Using these questions as a starting point of analysis, start studying the work of other directors. Don’t just stop at gaining head knowledge of how a director works, take the time to grab your camera and try out different techniques. By emulating your filmmaking heroes, you will not only gain a deeper understanding of the filmmaking process, but in time you will make better videos, and shape your original voice.

A Shining Example of Emulation
I want to end with a story that has stuck with me for almost ten years. A friend of mine was mentoring a middle school student who had expressed interest in becoming a filmmaker. His desire and ambition led the young student to recreate scenes from Star Wars IV: A New Hope entirely with LEGOs.

Shot by shot, scene by scene, he used the same camera angles and composition, lighting, editing, music and sound effects. It was an impressive undertaking and to this day, I have no doubt that what he learned by recreating and emulating the vision of George Lucas has stuck with him through the years, especially as he continues pursuing a career in Hollywood.

With that, I encourage you to pick a scene from your favorite movie and do your very best at recreating it shot-by-shot. You might just be surprised at what you will learn about the art and craft of making better movies.

Happy filmmaking!

[1] The Renaissance Connection, http://www.renaissanceconnection.org/artistslife.html

Redefining Cinema In A Digital World

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As an independent filmmaker, it is a great time for cinema thanks to the technological advances of the 21st century digital world. While there have been numerous advancements made in the equipment and software needed to technically make a film, the most impactful changes have occurred in how a film is funded, distributed and promoted. Let’s take a look at a few ways that the digital world is redefining cinema.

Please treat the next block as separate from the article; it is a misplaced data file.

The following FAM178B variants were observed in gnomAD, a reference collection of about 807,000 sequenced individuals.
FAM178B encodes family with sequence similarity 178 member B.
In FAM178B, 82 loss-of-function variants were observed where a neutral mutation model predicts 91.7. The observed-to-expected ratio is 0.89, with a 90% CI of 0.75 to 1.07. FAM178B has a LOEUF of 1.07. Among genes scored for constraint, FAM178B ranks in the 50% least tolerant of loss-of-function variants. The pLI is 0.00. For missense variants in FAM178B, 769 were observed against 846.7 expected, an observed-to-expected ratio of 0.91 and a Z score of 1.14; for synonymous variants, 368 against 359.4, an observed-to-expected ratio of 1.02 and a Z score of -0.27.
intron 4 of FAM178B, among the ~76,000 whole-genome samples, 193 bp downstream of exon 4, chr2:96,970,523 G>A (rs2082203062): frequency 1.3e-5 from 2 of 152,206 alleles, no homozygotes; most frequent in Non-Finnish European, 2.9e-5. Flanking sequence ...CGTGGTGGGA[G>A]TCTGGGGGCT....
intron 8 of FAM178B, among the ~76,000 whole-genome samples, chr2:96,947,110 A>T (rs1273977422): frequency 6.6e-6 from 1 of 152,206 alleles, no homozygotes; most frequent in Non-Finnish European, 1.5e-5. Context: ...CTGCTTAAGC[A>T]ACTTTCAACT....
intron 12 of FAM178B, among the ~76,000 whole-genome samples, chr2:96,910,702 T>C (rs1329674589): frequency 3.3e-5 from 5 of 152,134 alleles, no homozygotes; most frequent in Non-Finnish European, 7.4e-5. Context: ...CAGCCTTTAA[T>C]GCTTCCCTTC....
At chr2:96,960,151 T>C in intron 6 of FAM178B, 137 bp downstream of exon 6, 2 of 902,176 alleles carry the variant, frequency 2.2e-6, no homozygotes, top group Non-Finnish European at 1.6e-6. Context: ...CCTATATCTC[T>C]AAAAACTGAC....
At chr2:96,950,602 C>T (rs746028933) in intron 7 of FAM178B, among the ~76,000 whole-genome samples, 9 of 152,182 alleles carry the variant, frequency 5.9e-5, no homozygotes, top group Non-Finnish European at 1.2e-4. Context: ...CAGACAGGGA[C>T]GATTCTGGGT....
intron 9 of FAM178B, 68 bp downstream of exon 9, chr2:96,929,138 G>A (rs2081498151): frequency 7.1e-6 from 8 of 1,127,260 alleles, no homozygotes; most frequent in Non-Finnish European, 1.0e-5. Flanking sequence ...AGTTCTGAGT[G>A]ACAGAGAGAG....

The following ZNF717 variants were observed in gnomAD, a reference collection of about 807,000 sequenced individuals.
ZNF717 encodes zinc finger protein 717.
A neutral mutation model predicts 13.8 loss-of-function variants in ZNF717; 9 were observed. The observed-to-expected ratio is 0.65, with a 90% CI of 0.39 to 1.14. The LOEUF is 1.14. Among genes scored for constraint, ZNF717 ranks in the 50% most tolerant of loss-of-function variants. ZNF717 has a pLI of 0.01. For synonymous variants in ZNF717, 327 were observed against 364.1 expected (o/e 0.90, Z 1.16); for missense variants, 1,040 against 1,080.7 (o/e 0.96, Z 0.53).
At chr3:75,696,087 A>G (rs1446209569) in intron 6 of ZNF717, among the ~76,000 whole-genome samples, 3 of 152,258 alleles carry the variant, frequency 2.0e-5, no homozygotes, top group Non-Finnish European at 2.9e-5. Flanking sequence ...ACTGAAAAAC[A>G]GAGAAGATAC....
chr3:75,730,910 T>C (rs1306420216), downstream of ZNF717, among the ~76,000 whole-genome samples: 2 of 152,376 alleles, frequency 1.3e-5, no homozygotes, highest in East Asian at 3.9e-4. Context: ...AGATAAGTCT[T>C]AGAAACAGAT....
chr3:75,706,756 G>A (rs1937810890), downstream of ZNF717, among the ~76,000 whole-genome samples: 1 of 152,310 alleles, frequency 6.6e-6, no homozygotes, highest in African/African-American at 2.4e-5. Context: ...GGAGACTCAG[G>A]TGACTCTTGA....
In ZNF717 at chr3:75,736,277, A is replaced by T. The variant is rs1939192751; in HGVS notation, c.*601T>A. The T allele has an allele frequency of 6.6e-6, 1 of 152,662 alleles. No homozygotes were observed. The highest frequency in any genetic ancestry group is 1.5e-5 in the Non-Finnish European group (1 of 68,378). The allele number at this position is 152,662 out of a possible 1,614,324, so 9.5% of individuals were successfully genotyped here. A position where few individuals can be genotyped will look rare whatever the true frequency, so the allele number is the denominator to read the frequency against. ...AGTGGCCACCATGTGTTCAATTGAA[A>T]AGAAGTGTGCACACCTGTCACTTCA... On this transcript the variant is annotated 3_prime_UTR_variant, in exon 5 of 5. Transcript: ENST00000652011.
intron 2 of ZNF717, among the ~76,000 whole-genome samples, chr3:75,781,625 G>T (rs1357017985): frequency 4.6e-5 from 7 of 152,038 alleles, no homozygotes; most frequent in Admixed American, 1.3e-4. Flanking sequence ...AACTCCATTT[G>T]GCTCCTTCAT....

Kickstart Your Funding With A Proof Of Concept.
One of the hardest aspects of making a film, let alone any creative project, is raising the necessary funds for pre-production, production and post-production costs. If you don’t have the benefit of being backed by a major studio in Hollywood, you are either self-funding your project with credit cards and savings or borrowing money from friends and family.

Enter a new way of funding: Kickstarter (http://www.kickstarter.com). Kickstarter allows you to creatively raise money for your project by designating how much you want to raise and how you will reward and recognize financiers based on the amount they give. Additionally, you can add text, images or video that will help sell the viability of the project as well as your passion, dedication and motivation for creating the film. If you reach your goal in the set time, you receive the money and Kickstarter takes a small percentage to cover their costs. If not, the people that pledged money will not be charged and you can try again.

Recently I was talking with a friend who was the Director of Photography for a film project called Cardboard Dreams which was successfully funded through Kickstarter. He said that the secret of success was in the creation of a “proof of concept.” They filmed the first six pages of the script and the resulting footage was edited to show what the finished film would look like.